Starring Mira Sorvino, Tammy Blanchard. Written by Mary Tobler, Nancy Savoca. Directed by Nancy Savoca. 14A. 80 min. Opens July 13.
With her blaring, Bronx-accented voice and equally abrasive demeanour, Lucy is the kind of hot mess that even seen-it-all New Yorkers cross the street to avoid. The character, played with admirable vigour by Mira Sorvino, is also something of a rarity on screen. Most movies prefer a more likeable sort of protagonist than the one we endure in the early scenes of Union Square, which consist of her badgering attempts to arrange a romantic rendezvous in a series of cellphone conversations that are all too public.
Yet Lucy proves to be something other than what these first impressions imply, much like the movie itself. Largely overlooked when it played TIFF last September, Union Square marks a long-awaited return for Nancy Savoca, an underappreciated American director who had breakthroughs with the 1989 Sundance prizewinner True Love and the River Phoenix sleeper Dogfight, but struggled to get other projects off the ground, like a Janis Joplin biopic starring her friend Lili Taylor. Made on the cheap and on the fly in New York, Savoca’s latest can sometimes be as messy as Sorvino’s character, but it’s right on the money when it comes to portraying the tensions between Lucy and Jenny (Tammy Blanchard), two very different sisters who tumble into each other’s lives for the first time in years. The director and her cast also smartly convey the sisters’ shifting personal dynamics as pieces of family history—and revelations of past traumas—come to light.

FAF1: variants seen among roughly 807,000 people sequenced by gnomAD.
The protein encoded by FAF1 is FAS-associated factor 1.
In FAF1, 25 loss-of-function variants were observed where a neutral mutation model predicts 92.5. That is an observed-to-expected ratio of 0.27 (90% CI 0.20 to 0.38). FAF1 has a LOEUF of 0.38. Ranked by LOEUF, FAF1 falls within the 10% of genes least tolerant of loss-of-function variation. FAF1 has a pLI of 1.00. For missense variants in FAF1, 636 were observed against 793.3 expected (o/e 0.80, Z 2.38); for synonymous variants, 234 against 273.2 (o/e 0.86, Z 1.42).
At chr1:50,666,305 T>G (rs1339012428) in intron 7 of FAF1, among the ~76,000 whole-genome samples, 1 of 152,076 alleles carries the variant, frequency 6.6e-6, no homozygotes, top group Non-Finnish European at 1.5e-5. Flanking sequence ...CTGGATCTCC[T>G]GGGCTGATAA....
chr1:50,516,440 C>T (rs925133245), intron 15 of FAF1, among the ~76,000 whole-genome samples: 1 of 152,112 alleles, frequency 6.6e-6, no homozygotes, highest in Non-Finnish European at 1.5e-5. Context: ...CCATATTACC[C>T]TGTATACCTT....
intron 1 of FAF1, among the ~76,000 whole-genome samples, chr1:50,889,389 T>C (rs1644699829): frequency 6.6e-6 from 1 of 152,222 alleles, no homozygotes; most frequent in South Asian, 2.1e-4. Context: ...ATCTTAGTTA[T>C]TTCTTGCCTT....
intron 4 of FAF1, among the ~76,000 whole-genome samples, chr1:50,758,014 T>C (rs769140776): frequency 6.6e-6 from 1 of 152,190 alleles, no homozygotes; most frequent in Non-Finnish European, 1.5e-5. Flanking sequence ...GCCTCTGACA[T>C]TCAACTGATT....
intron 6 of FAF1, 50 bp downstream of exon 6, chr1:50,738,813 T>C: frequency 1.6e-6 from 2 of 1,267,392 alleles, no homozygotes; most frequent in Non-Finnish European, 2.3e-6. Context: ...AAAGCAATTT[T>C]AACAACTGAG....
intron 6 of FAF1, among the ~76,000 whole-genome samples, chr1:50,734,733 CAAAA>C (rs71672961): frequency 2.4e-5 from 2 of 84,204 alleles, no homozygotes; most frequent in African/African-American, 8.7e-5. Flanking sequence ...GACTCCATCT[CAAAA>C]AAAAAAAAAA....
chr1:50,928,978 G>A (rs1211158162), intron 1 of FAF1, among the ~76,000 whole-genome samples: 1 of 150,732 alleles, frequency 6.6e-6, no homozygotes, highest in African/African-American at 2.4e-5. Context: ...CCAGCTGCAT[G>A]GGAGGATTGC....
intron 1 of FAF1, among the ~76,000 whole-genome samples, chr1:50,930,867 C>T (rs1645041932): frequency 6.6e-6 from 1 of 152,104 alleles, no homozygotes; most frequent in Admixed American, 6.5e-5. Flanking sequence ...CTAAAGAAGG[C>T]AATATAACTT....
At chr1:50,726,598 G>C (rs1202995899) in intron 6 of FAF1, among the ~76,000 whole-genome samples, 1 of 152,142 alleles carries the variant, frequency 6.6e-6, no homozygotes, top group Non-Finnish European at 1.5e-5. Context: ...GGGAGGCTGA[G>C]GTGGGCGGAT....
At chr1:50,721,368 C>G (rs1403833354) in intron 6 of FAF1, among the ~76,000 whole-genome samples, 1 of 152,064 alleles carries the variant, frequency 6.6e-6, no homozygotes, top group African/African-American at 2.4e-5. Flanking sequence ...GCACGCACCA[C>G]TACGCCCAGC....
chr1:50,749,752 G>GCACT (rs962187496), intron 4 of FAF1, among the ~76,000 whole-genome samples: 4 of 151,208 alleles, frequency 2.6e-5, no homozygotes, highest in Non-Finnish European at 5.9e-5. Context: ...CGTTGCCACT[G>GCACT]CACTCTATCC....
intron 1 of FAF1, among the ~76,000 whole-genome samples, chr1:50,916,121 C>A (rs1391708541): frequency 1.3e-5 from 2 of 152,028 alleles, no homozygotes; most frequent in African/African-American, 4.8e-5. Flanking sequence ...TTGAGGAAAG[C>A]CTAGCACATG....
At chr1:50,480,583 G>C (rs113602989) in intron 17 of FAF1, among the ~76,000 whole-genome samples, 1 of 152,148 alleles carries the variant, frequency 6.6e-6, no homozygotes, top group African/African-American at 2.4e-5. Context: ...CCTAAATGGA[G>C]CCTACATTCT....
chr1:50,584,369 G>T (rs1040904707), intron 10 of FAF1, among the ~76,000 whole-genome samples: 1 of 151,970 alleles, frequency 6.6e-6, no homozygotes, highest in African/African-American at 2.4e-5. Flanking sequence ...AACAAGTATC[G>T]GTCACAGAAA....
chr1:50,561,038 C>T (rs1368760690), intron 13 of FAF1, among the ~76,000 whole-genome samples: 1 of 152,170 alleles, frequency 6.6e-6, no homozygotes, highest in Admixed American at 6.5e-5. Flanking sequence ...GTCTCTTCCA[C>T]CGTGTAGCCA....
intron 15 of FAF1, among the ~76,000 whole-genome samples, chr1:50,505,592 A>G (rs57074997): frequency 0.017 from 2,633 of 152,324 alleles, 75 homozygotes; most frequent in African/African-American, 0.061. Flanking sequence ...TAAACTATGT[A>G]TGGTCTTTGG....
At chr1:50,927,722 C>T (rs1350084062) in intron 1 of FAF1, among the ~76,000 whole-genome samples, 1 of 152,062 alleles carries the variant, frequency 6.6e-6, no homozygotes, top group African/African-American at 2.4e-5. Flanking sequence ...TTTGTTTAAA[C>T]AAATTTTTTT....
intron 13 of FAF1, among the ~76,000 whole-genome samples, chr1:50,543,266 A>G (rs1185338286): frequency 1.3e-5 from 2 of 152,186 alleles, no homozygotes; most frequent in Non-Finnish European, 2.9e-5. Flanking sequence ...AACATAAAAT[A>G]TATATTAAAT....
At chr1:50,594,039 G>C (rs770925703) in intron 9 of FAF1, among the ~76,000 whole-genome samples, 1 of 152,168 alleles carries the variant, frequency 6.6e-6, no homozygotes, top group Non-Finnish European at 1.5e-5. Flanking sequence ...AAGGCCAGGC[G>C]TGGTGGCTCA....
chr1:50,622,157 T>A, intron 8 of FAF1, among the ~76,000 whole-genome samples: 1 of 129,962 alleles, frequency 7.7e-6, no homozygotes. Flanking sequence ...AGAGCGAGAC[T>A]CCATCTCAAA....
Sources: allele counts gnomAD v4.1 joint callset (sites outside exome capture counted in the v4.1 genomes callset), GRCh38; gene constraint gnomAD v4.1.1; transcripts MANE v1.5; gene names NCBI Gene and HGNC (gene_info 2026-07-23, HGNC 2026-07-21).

The film’s concision is equally impressive: Whereas so many movie dramas pad out their running times with an extra emotional catharsis or two, Union Square hits the note it’s looking for and then wisely calls it a night.